Despite harrassment, McCain volunteers continue working

David MacNeal

Shelly Levy, a semi-retired professional fundraiser, was shopping in her local 99-cent Store when two people cornered her, objecting to the McCain-Palin pins on her jacket.

‘They started harassing me,’ she said while sitting at the West Valley Republican Club desk. ‘So I dialed 911.’

In another part of the Valley, a woman found key marks stretched across her whole car pointing towards a McCain-Palin bumper sticker.

These aren’t the only occurrences of politically based bullying. As told by San Fernando Valley Regional Co-Chair Nancy Spero, 72, many republican campaign volunteers have been picked and poked at ‘by the opposing side.’

‘I’ve been doing political campaigns since I was eight,’ said Spero, ‘But I’ve never had someone call-up and say these extreme things I’m hearing.’

Many volunteers working at the West Valley Republican Club have reported numerous anonymous calls with people shouting ‘You fucking bitch!’ and then hanging up.

‘Who are these people?’ asked Spero.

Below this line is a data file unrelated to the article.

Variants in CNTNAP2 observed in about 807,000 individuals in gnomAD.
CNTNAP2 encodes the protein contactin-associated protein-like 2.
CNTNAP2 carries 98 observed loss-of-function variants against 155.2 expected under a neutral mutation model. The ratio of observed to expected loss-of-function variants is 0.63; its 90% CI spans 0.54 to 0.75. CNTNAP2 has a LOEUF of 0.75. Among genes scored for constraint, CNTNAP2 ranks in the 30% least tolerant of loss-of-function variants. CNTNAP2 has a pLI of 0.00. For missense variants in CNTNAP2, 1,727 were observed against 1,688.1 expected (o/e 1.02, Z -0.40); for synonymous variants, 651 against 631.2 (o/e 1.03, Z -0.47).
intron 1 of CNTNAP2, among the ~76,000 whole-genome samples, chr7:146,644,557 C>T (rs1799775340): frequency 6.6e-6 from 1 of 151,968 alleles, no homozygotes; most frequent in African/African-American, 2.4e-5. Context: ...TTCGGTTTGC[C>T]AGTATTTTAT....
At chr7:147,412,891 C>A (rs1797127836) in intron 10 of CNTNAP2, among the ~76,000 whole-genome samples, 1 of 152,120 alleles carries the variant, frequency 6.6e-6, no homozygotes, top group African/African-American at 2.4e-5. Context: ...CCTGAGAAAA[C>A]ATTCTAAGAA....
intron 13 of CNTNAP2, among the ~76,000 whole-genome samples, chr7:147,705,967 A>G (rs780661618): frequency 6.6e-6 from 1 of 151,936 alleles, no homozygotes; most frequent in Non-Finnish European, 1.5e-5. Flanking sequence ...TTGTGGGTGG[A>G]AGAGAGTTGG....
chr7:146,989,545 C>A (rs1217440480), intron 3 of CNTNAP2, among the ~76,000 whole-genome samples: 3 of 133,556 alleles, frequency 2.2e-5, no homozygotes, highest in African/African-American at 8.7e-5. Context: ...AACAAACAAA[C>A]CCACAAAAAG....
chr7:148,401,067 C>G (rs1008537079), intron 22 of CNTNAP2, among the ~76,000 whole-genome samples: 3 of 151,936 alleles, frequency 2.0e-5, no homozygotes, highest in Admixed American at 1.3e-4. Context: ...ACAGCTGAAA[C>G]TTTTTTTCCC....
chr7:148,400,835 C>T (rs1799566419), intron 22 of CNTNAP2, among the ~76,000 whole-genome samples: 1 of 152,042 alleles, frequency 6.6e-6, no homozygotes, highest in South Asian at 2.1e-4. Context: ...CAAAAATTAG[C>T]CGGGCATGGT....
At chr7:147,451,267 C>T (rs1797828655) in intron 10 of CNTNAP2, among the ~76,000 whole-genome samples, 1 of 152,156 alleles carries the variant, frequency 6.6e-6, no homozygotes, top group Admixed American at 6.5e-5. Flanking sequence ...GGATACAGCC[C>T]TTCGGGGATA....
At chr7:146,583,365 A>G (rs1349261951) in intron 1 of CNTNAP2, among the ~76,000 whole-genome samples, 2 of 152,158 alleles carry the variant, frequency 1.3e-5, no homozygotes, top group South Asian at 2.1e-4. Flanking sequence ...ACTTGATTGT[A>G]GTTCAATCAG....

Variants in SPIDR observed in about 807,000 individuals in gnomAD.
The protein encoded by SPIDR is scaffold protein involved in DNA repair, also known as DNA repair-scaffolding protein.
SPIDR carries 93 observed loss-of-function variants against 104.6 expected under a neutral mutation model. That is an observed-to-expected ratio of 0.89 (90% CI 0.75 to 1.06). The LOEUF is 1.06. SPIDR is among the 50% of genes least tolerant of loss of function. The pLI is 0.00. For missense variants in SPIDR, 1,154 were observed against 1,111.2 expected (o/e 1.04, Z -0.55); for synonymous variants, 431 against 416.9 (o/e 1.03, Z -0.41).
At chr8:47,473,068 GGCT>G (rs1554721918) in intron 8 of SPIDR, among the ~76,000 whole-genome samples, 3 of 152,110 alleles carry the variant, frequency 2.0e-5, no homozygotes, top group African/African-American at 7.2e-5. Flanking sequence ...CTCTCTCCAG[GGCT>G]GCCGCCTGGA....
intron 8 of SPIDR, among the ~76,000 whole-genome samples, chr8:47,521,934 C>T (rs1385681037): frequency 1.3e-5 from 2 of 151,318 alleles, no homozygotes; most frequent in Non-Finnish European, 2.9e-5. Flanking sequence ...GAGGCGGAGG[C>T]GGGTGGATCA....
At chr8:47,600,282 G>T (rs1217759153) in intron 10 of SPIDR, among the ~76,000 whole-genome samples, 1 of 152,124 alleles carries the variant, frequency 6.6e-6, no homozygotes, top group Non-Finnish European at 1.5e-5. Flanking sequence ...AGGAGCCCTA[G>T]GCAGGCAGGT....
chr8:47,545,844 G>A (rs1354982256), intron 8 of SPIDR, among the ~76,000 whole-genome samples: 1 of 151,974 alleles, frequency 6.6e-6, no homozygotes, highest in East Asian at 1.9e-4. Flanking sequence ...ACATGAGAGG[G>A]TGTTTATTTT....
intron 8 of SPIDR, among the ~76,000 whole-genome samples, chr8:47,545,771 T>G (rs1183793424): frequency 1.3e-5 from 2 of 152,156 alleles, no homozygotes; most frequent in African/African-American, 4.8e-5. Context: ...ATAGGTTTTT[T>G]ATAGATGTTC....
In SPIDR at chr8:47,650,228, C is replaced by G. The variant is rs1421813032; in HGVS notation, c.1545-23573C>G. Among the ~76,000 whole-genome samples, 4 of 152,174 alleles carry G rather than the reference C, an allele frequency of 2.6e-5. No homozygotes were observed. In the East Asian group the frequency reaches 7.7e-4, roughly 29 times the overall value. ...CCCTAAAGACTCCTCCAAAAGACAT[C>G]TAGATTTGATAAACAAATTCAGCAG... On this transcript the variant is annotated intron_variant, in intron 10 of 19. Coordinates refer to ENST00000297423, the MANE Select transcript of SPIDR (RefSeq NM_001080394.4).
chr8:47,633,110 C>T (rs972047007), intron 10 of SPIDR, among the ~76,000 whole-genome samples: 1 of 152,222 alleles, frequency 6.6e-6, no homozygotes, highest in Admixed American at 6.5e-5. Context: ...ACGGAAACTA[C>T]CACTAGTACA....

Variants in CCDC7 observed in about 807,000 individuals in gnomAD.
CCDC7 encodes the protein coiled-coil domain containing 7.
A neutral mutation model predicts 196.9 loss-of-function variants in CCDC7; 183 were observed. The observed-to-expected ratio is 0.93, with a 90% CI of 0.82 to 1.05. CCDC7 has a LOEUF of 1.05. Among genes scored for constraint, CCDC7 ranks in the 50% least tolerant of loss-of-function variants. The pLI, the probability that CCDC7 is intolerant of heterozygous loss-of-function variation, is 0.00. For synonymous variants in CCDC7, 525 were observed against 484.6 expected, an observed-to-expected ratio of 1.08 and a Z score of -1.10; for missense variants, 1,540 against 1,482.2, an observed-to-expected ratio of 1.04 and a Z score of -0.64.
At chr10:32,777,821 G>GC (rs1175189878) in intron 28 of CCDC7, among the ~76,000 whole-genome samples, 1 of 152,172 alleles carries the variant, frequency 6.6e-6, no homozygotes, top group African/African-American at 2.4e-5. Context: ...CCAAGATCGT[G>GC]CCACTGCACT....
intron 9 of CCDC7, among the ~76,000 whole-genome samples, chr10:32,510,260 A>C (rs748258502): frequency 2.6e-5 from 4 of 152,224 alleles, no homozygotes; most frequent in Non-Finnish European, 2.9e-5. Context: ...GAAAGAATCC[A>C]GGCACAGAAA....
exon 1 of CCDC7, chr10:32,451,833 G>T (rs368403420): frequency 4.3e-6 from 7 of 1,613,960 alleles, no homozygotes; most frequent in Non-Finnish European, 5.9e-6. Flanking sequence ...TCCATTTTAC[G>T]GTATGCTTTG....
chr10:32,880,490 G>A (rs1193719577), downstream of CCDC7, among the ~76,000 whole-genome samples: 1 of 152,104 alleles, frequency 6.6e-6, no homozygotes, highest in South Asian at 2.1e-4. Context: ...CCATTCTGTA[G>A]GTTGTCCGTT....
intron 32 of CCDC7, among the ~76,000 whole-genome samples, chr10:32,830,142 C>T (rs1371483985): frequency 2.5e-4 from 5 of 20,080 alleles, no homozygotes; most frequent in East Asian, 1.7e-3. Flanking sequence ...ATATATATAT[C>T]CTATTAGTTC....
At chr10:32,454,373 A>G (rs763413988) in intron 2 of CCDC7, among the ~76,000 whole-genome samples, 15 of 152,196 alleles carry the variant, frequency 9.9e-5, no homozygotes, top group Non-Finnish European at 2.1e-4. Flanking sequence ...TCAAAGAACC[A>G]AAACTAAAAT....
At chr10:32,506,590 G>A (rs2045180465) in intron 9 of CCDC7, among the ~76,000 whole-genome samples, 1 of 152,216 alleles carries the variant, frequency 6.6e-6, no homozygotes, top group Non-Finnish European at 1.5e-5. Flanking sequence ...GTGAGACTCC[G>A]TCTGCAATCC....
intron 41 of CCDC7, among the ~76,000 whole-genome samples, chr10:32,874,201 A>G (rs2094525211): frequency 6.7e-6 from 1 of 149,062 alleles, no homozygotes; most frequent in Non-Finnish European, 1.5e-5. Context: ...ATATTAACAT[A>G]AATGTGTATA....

For a majorly democratic state, the air of headquarters was inspiringly positive. ‘We have so many young people involved,’ Spero enthused. ‘At 3:30, when the schools let out, we have kids aged 10 to 20 coming in and phone banking.’

As she said that, 15-year-old Philip Mogil sat in an office dialing numbers and reading from a script.

West L.A. Regional Political Director Nathan Miller, 32, said that he’s never seen this much volunteer turnout in eight years. ‘We’re excited,’ he said. ‘We find it important to represent values you respect.’

After he said that, he referenced a quote by Mahatma Gandhi: ‘You must be the change you want to see in the world.’

That’s why, despite numerous vandalisms on McCain-Palin supporters, none, as far as headquarters recalled, have fought back. Miller went on to explain how this election is as important as Lincoln being elected to preserve the Union.

‘This country needs to be united,’ he said. ‘Last thing I’d like to see is something that divides us.’